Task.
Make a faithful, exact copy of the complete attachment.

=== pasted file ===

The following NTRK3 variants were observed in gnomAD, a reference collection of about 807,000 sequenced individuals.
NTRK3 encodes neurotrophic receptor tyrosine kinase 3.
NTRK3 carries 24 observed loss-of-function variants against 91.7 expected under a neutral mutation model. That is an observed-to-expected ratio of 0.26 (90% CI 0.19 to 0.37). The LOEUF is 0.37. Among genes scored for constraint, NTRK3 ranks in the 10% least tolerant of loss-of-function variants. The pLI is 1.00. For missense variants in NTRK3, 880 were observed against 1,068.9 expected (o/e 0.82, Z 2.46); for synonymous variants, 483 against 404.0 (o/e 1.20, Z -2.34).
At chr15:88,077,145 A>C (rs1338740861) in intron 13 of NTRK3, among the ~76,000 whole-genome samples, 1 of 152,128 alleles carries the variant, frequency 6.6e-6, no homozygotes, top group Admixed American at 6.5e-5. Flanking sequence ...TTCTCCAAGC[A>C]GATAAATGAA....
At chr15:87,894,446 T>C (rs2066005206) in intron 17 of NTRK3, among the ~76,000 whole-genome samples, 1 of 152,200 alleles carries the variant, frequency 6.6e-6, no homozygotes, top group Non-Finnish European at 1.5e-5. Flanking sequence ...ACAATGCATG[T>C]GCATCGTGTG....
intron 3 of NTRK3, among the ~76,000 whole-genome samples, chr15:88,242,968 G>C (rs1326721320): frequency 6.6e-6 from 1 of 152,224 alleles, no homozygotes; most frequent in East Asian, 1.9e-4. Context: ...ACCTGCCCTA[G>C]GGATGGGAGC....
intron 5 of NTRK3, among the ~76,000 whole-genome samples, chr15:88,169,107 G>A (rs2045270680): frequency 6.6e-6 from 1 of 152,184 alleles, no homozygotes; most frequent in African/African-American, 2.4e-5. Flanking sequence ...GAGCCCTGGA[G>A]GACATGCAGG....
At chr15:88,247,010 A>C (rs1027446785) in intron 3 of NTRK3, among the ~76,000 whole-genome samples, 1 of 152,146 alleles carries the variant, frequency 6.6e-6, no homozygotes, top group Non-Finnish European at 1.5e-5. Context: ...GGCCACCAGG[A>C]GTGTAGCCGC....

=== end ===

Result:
The following NTRK3 variants were observed in gnomAD, a reference collection of about 807,000 sequenced individuals.
NTRK3 encodes neurotrophic receptor tyrosine kinase 3.
NTRK3 carries 24 observed loss-of-function variants against 91.7 expected under a neutral mutation model. That is an observed-to-expected ratio of 0.26 (90% CI 0.19 to 0.37). The LOEUF is 0.37. Among genes scored for constraint, NTRK3 ranks in the 10% least tolerant of loss-of-function variants. The pLI is 1.00. For missense variants in NTRK3, 880 were observed against 1,068.9 expected (o/e 0.82, Z 2.46); for synonymous variants, 483 against 404.0 (o/e 1.20, Z -2.34).
At chr15:88,077,145 A>C (rs1338740861) in intron 13 of NTRK3, among the ~76,000 whole-genome samples, 1 of 152,128 alleles carries the variant, frequency 6.6e-6, no homozygotes, top group Admixed American at 6.5e-5. Flanking sequence ...TTCTCCAAGC[A>C]GATAAATGAA....
At chr15:87,894,446 T>C (rs2066005206) in intron 17 of NTRK3, among the ~76,000 whole-genome samples, 1 of 152,200 alleles carries the variant, frequency 6.6e-6, no homozygotes, top group Non-Finnish European at 1.5e-5. Flanking sequence ...ACAATGCATG[T>C]GCATCGTGTG....
intron 3 of NTRK3, among the ~76,000 whole-genome samples, chr15:88,242,968 G>C (rs1326721320): frequency 6.6e-6 from 1 of 152,224 alleles, no homozygotes; most frequent in East Asian, 1.9e-4. Context: ...ACCTGCCCTA[G>C]GGATGGGAGC....
intron 5 of NTRK3, among the ~76,000 whole-genome samples, chr15:88,169,107 G>A (rs2045270680): frequency 6.6e-6 from 1 of 152,184 alleles, no homozygotes; most frequent in African/African-American, 2.4e-5. Flanking sequence ...GAGCCCTGGA[G>A]GACATGCAGG....
At chr15:88,247,010 A>C (rs1027446785) in intron 3 of NTRK3, among the ~76,000 whole-genome samples, 1 of 152,146 alleles carries the variant, frequency 6.6e-6, no homozygotes, top group Non-Finnish European at 1.5e-5. Context: ...GGCCACCAGG[A>C]GTGTAGCCGC....